Last year I wrote about an interesting study exploring how doctors perceive the electronic medical records that are making their way into hospitals around the world.
The study quizzed doctors on their perceptions of the impact EHR had on patient engagement levels. It found that doctors were often anything but complimentary about them, citing higher levels of burnout and a depersonalization of their work.
“Physicians who are burnt out provide lower-quality care,” the authors say. “What this speaks to is that we, as physicians, need to demand a rethinking of how quality is measured and if we’re really getting the quality we hoped when we put in EHRs. There are unintended consequences of measuring quality as it’s currently being done.”
What’s more, the poor communication EHR can often ensure can reduce the effectiveness of treatment plans, with patients less likely to engage in follow-up visits. Despite this however, doctors appreciate that EHR can provide numerous benefits, and are undoubtedly here to stay.
A recent study from the University of Missouri raises similar concerns among the nursing community. The study found that workflow interruptions were most likely in the emergency room when nurses were documenting cases in electronic medical records.
“Our analysis showed that when emergency department nurses were interrupted in patient care activities, their workload was about two times higher,” the authors say. “When electronic medical documentation was added to those tasks, the workload was about four times higher than in a non-interruption scenario.”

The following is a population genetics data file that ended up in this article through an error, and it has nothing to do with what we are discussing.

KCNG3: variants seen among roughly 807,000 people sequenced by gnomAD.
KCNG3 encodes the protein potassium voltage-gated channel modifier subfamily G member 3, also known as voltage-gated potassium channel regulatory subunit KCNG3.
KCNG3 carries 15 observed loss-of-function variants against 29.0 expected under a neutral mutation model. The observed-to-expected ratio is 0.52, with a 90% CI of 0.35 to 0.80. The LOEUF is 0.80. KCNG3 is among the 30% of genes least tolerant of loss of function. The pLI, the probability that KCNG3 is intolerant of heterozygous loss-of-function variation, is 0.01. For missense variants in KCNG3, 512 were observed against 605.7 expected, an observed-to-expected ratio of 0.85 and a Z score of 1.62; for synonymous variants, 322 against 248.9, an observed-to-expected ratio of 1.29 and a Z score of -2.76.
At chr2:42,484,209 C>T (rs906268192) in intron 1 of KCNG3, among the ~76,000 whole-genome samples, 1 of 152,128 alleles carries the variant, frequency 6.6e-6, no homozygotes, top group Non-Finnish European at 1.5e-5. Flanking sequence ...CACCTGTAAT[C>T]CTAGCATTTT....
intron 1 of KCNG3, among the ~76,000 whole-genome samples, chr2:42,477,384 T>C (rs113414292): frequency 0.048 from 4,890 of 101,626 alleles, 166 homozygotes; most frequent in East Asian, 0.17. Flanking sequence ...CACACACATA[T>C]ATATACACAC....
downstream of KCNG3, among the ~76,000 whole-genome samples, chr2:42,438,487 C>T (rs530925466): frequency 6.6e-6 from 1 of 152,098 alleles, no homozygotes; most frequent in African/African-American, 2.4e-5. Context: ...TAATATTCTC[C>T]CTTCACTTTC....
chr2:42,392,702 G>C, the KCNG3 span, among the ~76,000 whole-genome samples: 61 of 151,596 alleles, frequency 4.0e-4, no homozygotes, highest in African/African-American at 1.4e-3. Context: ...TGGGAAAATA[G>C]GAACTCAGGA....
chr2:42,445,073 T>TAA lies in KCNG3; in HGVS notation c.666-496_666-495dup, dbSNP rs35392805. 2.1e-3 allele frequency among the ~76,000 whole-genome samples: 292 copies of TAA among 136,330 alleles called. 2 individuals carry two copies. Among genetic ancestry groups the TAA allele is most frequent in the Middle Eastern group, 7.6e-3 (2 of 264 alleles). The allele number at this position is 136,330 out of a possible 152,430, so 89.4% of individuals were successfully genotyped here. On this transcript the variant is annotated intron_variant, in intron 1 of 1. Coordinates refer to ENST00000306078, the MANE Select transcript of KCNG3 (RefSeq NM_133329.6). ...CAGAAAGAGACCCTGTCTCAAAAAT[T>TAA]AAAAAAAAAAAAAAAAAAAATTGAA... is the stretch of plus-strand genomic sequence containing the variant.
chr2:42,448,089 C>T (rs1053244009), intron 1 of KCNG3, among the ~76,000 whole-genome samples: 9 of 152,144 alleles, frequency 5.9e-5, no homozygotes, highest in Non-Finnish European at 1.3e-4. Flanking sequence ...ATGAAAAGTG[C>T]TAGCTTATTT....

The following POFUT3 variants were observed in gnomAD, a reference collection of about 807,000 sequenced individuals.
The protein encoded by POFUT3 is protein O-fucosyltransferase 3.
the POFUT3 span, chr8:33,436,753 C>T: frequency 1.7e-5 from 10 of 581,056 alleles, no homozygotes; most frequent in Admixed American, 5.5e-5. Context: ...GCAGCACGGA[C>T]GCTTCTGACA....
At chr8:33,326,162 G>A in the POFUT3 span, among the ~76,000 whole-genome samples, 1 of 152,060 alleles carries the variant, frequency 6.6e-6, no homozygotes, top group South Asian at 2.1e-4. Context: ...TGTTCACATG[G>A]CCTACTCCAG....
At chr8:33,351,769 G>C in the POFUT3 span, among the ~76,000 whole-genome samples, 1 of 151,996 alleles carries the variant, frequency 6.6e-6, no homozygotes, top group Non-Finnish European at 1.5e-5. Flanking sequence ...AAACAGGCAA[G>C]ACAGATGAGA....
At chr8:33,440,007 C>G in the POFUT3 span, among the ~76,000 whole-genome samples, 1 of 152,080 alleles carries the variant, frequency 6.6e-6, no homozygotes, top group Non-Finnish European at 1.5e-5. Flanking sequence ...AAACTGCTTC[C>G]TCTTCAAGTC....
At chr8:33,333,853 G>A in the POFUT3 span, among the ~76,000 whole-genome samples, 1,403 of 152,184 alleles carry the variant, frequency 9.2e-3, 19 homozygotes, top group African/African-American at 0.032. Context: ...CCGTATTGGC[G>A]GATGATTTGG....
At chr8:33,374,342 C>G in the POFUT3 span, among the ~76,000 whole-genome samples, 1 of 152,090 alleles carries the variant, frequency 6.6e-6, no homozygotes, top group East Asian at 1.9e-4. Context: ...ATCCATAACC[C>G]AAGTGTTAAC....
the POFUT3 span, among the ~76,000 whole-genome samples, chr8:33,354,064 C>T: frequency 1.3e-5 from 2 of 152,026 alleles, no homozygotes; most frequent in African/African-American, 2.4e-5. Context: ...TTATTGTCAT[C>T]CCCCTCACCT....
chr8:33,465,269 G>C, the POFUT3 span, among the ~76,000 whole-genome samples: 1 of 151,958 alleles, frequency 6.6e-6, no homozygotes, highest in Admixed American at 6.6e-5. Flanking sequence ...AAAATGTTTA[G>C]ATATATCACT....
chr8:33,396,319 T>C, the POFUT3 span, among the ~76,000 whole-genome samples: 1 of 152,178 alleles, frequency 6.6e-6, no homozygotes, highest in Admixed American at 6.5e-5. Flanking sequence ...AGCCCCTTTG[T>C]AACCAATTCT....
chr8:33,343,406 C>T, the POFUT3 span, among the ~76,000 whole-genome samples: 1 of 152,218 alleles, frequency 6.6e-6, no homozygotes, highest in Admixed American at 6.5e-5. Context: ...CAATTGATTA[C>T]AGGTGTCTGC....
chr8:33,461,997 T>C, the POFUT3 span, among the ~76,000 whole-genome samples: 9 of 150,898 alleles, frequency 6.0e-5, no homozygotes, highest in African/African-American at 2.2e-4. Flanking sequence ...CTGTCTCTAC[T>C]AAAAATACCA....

The researchers conducted a time and motion study that tracked a group of experienced nurses as they went about their work over the course of a week. Their most frequent tasks were broken down into eight broad categories, including direct care, documentation and social breaks. They also recorded the most common interruptions to the nurses’ work, with the most common disruptions including phone calls and talking with colleagues.
This data was then used to create a couple of simulation models. The first of these illustrated the efficiencies possible when the nurses weren’t interrupted, whilst the second then illustrated the impact interruptions had.
“Our study showed that ED nurses should be trained to avoid answering questions or non-emergency phone calls while delivering direct care to patients and while engaged in EMR documentation,” the authors conclude. “Also, relatives of patients should allow the health care worker to perform critical duties without interruption.”
As EMR systems become more commonplace, it’s clear that hospitals are still struggling to integrate them into workflows without disrupting the efficiency of teams.